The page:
Support Old Fulton New York Post Cards!
It’s a website with the improbable name of Old Fulton Post Cards, though it has very little to do with post cards and — these days — not that much to do with Fulton, New York.
The website is definitely funky. The homepage has a fish swimming back and forth and then sticking its tongue out at you.
The archives page requires the use of the Adobe Flash Player and there’s an odd joker character holding colored balloons who appears when you get to that page.
The search function itself is kind of clunky and the help functions don’t always work the way you might expect.
So why would a genealogist ever go there — and why in the world would The Legal Genealogist be trying to drum up financial support for the site in the genealogical community?
Because this kind of clunky funky improbably-named one-man operation has digitized more pages of more newspapers than the Library of Congress.
Old Fulton New York Post Cards is the brainchild and labor of love of one man: Tom Tryniski, a native of Fulton, New York, who started the project after he retired from the paper processing field in 1999. And yes, there actually are old postcards from Fulton, New York, on the website,1 along with other old photos and documents from Fulton and other parts of New York.2
But the bulk of Tryniski’s work is in newspaper digitization. By now, here in 2018, almost 20 years after the project began, we’re talking 43,000,000 plus-and-counting pages of newspapers from around the United States and Canada. And there are just so many tidbits in those newspapers on the Old Fulton Post Cards website that you can’t find anywhere else.
Researcher after researcher has found something about the target person or family on this website when searching other newspaper sites has failed. It’s so important to those of us who’ve used it that we were all appalled and frightened recently to find that the site was down. It turns out that the site had been hit by a Russian ransomware cryptovirus.
The Rochester (New York) Times-Union reported: “In an instant, Tom Tryniski’s astonishing accomplishment — homegrown and hand-built across 20 years of relentless toil and an investment of tens of thousands of dollars – seemed to have been obliterated by rogue hackers. It was a vicious attack that locked up with sophisticated encryption all his hard drives containing more than 50 terabytes of data. He anticipated an ultimatum by the hackers: Pay a hefty ransom or watch his passion project get destroyed. There was one hitch. The hackers did not realize who they were up against: a 69-year-old self-taught computer expert and retired IT engineer. Tryniski learned long ago to build off-site and out-of-state backups and multiple redundancies to thwart any potential malfeasance.”3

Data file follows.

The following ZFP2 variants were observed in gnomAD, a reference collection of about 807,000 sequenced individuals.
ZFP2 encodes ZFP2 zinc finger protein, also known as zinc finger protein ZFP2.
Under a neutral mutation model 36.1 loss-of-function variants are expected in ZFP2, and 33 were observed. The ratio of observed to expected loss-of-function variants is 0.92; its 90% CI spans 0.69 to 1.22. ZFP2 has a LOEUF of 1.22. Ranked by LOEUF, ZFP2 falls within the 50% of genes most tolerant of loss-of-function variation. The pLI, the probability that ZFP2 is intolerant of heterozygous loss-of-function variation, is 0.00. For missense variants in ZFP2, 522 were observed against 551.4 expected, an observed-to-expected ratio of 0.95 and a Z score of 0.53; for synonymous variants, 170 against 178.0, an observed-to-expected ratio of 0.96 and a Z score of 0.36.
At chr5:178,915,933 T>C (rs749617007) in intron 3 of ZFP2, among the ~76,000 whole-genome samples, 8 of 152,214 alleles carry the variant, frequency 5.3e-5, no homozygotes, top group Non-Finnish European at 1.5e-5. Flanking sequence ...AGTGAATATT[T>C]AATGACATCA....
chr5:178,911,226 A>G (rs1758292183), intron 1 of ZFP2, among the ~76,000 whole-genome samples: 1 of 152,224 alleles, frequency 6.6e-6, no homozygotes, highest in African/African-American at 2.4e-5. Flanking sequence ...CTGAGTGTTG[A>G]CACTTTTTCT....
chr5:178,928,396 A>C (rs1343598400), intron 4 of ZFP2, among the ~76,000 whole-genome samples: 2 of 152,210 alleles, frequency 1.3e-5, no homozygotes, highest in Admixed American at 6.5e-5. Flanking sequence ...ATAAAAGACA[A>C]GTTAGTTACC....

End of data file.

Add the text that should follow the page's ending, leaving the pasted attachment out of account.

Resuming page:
It took a couple of days of hard work, but Tryniski brought the site back up from offsite backups that weren’t affected by the virus. All 43,000,000 plus-and-counting pages of historic newspapers are back online.
Free to us, that is.
Not at all free to Tryniski, who’s spent tens of thousands of dollars of his own money, and hosting and related fees approaching $1,000 a month, to make those 43,000,000 plus-and-counting pages of newspapers from the United States and Canada available for genealogical and other researchers.
The site doesn’t accept advertising. It isn’t even easy to find the donate page on the website. But it is there — and every last one of us who’s made use of the site ought to take a moment today, head over to that donate page, and say thank you in a tangible form.
You can do it via PayPal. Or you can send a check. Information on both is on the website’s donate page.
Let’s send our own virtual postcards to Old Fulton Post Cards, saying thank you and keep up the good work — by helping make that good work possible.
- See “Old Fulton Post Cards,” Old Fulton Post Cards (http://fultonhistory.com/ : accessed 26 Sep 2018). ↩
- See ibid., “Historical Documents from US and Canada.” ↩
- Paul Grondahl, “Russian hackers no match for digital archivist,” Rochester Times-Union, online, posted 25 Sep 2018 (https://www.timesunion.com/ : accessed 25 Sep 2018). ↩